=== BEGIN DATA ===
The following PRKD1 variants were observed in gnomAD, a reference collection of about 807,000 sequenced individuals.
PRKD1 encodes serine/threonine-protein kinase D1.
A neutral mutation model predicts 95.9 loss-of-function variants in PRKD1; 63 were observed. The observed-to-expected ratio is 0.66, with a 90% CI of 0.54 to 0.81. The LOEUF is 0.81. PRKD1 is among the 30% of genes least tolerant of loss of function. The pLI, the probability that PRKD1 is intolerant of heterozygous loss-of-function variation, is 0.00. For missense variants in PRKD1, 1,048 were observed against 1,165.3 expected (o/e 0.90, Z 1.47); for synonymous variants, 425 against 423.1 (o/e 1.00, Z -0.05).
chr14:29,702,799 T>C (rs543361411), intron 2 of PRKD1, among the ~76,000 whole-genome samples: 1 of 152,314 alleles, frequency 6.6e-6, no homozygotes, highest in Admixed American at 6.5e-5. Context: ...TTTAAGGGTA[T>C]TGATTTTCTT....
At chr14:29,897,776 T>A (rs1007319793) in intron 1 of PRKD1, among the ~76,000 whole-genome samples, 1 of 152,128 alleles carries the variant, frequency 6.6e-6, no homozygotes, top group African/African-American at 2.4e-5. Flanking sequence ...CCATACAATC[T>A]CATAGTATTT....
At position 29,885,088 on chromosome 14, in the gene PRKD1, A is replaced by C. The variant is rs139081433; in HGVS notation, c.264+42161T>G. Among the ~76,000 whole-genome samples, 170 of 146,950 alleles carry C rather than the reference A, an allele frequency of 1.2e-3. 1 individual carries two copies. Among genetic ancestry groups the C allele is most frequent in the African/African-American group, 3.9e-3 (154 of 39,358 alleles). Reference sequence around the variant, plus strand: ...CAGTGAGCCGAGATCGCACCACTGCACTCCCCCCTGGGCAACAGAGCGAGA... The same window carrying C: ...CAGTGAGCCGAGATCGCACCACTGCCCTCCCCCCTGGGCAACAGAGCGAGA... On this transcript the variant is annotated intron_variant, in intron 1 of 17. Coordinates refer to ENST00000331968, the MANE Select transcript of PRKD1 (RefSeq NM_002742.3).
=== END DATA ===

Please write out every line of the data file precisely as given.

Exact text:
The following PRKD1 variants were observed in gnomAD, a reference collection of about 807,000 sequenced individuals.
PRKD1 encodes serine/threonine-protein kinase D1.
A neutral mutation model predicts 95.9 loss-of-function variants in PRKD1; 63 were observed. The observed-to-expected ratio is 0.66, with a 90% CI of 0.54 to 0.81. The LOEUF is 0.81. PRKD1 is among the 30% of genes least tolerant of loss of function. The pLI, the probability that PRKD1 is intolerant of heterozygous loss-of-function variation, is 0.00. For missense variants in PRKD1, 1,048 were observed against 1,165.3 expected (o/e 0.90, Z 1.47); for synonymous variants, 425 against 423.1 (o/e 1.00, Z -0.05).
chr14:29,702,799 T>C (rs543361411), intron 2 of PRKD1, among the ~76,000 whole-genome samples: 1 of 152,314 alleles, frequency 6.6e-6, no homozygotes, highest in Admixed American at 6.5e-5. Context: ...TTTAAGGGTA[T>C]TGATTTTCTT....
At chr14:29,897,776 T>A (rs1007319793) in intron 1 of PRKD1, among the ~76,000 whole-genome samples, 1 of 152,128 alleles carries the variant, frequency 6.6e-6, no homozygotes, top group African/African-American at 2.4e-5. Flanking sequence ...CCATACAATC[T>A]CATAGTATTT....
At position 29,885,088 on chromosome 14, in the gene PRKD1, A is replaced by C. The variant is rs139081433; in HGVS notation, c.264+42161T>G. Among the ~76,000 whole-genome samples, 170 of 146,950 alleles carry C rather than the reference A, an allele frequency of 1.2e-3. 1 individual carries two copies. Among genetic ancestry groups the C allele is most frequent in the African/African-American group, 3.9e-3 (154 of 39,358 alleles). Reference sequence around the variant, plus strand: ...CAGTGAGCCGAGATCGCACCACTGCACTCCCCCCTGGGCAACAGAGCGAGA... The same window carrying C: ...CAGTGAGCCGAGATCGCACCACTGCCCTCCCCCCTGGGCAACAGAGCGAGA... On this transcript the variant is annotated intron_variant, in intron 1 of 17. Coordinates refer to ENST00000331968, the MANE Select transcript of PRKD1 (RefSeq NM_002742.3).